image

Chinese language cinema

Chinese Film Panorama 2015: four films to watch

Modernisation and patriotism in war among the themes of our selection of the best of the annual Hong Kong fest

PUBLISHED : Wednesday, 21 October, 2015, 6:00am
UPDATED : Thursday, 22 October, 2015, 10:38am

 The Chinese box office, already the second largest globally, is on track to overtake the US as the world’s largest film market in three years. Although audiences on the mainland flock to see Hollywood blockbusters, Chinese films are increasing in popularity.

 Perhaps the best example is the festival known as Chinese Film Panorama. Started by the Leisure and Cultural Services Department in 1997 – the year of the handover – to commemorate Chinese cinema in Hong Kong, the programme is now in its 19th year and still going strong. There are 10 films on the bill, which runs from October 19 to November 20 at various venues around the city.

 Here are our top four films:

  Hundred Regiments Offensive

This year is the 70th anniversary of Japan’s surrender in the second world war, and Hundred Regiments Offensive – about the heroic efforts of Chinese soldiers as they take on the Japanese army – would serve as the programme’s opening film. Expect massive battle scenes and unabashed Chinese patriotism.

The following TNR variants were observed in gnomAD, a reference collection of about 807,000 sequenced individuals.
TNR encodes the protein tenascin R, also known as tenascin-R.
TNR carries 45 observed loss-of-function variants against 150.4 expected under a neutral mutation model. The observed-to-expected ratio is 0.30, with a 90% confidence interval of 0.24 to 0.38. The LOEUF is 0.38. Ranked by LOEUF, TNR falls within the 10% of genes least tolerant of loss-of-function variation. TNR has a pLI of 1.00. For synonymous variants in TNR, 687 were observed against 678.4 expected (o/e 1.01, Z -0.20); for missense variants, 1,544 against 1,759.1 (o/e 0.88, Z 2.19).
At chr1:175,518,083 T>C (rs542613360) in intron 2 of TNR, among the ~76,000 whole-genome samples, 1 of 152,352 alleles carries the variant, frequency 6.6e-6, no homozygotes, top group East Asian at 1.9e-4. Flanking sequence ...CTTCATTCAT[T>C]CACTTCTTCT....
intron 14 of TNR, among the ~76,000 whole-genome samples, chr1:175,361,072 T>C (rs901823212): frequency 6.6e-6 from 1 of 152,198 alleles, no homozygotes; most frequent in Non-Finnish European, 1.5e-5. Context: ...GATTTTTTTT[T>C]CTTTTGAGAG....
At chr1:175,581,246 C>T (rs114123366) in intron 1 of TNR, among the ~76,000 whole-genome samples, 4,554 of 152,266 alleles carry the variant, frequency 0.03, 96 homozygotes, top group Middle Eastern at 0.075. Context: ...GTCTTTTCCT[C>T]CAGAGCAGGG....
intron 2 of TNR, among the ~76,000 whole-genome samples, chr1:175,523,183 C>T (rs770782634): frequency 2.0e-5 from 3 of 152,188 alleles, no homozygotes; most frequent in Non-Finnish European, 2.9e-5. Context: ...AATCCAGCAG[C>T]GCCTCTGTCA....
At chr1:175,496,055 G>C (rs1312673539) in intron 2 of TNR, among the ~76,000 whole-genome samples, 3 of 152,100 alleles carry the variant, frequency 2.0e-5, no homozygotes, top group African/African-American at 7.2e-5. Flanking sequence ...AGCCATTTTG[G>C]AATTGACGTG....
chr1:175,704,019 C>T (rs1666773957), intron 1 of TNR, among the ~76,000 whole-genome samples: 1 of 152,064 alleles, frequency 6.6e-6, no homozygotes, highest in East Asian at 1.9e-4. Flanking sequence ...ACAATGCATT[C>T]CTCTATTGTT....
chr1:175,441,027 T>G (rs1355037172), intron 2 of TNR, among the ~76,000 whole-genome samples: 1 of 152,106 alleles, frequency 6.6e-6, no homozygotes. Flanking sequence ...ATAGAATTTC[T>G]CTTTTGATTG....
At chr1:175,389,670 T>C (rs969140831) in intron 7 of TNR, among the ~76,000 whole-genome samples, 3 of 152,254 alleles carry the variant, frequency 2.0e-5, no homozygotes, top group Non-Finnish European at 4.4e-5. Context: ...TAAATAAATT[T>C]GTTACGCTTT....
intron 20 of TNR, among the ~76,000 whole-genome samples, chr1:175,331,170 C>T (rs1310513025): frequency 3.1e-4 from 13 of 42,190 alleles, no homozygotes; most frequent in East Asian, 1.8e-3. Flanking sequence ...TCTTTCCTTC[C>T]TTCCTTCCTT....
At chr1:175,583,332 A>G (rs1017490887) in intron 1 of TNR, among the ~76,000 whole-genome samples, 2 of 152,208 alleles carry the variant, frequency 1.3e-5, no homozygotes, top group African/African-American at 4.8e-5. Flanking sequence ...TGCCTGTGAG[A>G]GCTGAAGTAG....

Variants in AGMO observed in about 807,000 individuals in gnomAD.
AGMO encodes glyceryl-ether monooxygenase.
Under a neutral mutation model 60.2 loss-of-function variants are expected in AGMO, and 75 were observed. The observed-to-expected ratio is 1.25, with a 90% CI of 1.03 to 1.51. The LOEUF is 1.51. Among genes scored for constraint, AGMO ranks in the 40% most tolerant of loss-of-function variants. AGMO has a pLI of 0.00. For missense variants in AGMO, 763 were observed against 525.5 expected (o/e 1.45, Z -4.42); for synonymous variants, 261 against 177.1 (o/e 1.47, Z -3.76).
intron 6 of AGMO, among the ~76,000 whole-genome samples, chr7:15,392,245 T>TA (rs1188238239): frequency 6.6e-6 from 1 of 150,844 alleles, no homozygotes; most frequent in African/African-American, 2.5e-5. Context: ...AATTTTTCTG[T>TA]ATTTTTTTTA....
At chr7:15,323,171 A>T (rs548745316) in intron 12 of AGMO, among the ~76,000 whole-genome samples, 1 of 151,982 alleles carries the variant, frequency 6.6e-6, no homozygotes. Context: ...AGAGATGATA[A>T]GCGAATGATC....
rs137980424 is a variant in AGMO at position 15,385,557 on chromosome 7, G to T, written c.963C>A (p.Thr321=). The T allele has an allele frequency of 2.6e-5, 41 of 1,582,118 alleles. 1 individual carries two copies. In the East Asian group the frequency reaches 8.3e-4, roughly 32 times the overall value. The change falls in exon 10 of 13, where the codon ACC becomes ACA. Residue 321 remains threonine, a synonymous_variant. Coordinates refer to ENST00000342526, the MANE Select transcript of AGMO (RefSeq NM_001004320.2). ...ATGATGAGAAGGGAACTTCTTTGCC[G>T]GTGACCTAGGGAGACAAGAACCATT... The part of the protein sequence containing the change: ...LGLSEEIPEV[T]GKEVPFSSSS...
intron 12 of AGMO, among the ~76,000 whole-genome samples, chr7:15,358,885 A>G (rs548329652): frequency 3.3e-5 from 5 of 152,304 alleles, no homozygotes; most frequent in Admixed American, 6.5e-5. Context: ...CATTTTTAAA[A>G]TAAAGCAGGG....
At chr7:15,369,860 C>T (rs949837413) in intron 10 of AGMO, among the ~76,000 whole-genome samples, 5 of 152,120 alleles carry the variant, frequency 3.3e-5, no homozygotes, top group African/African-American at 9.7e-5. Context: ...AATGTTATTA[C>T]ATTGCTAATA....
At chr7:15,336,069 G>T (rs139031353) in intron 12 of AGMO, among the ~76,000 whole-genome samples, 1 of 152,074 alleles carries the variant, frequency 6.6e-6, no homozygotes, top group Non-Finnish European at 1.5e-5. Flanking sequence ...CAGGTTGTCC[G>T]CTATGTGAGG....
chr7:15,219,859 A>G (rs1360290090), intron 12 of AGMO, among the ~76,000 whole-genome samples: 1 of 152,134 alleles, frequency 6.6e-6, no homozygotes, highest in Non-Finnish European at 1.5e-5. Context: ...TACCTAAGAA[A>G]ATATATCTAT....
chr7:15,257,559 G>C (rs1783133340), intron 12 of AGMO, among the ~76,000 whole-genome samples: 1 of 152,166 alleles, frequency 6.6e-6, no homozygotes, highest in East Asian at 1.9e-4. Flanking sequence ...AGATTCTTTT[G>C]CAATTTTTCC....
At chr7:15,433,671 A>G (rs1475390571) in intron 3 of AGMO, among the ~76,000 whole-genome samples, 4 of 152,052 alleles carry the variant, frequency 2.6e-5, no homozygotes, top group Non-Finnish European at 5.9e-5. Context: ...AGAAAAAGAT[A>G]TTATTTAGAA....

One Day

 Consisting of nine stories about underprivileged children pursuing their dreams with the help of adults, One Day is an uplifting and meaningful film that’s suitable for the whole family. Winning various overseas short-film awards, the film serves to raise awareness about underprivileged children in rural China.  

12 Citizens

A remake of Sidney Lumet’s 12 Angry Men, 12 Citizens is about a jury panel made up of a dozen university students – strangers to one another – who must decide on the guilt or acquittal of a man accused of murdering his father. It’s an entertaining film (it’s surprisingly funny) and a social study that tackles recent mainland issues such as the class divide.

 

Song of the Phoenix

The final film directed by Wu Tianming, Song of the Phoenix is about the rapid modernisation of China in recent years, as seen through the eyes of a young village boy as he attempts to learn the classical Chinese instrument, the suona. A fitting swansong for Wu, the acclaimed filmmaker known as “The Father of New China Cinema” who died of a heart attack at 74 in March 2014.

Chinese Film Panorama 2015, October 19 to November 20. Various venues, HK$55 Urbtix. Inquiries: 3761 6661/2734 2900